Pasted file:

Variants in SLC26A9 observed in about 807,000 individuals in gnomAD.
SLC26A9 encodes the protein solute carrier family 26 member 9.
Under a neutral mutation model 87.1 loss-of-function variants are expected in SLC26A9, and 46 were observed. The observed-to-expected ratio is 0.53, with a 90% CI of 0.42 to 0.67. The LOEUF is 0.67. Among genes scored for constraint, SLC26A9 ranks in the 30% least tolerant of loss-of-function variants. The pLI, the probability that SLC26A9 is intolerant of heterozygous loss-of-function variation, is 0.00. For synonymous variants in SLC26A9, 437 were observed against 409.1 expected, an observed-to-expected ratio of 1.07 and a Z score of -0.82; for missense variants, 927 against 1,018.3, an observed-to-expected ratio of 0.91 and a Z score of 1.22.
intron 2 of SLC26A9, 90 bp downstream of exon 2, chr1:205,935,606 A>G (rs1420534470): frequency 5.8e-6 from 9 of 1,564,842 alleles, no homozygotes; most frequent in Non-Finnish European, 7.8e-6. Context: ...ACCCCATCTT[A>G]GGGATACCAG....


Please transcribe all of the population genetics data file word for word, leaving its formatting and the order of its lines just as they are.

Variants in SLC26A9 observed in about 807,000 individuals in gnomAD.
SLC26A9 encodes the protein solute carrier family 26 member 9.
Under a neutral mutation model 87.1 loss-of-function variants are expected in SLC26A9, and 46 were observed. The observed-to-expected ratio is 0.53, with a 90% CI of 0.42 to 0.67. The LOEUF is 0.67. Among genes scored for constraint, SLC26A9 ranks in the 30% least tolerant of loss-of-function variants. The pLI, the probability that SLC26A9 is intolerant of heterozygous loss-of-function variation, is 0.00. For synonymous variants in SLC26A9, 437 were observed against 409.1 expected, an observed-to-expected ratio of 1.07 and a Z score of -0.82; for missense variants, 927 against 1,018.3, an observed-to-expected ratio of 0.91 and a Z score of 1.22.
intron 2 of SLC26A9, 90 bp downstream of exon 2, chr1:205,935,606 A>G (rs1420534470): frequency 5.8e-6 from 9 of 1,564,842 alleles, no homozygotes; most frequent in Non-Finnish European, 7.8e-6. Context: ...ACCCCATCTT[A>G]GGGATACCAG....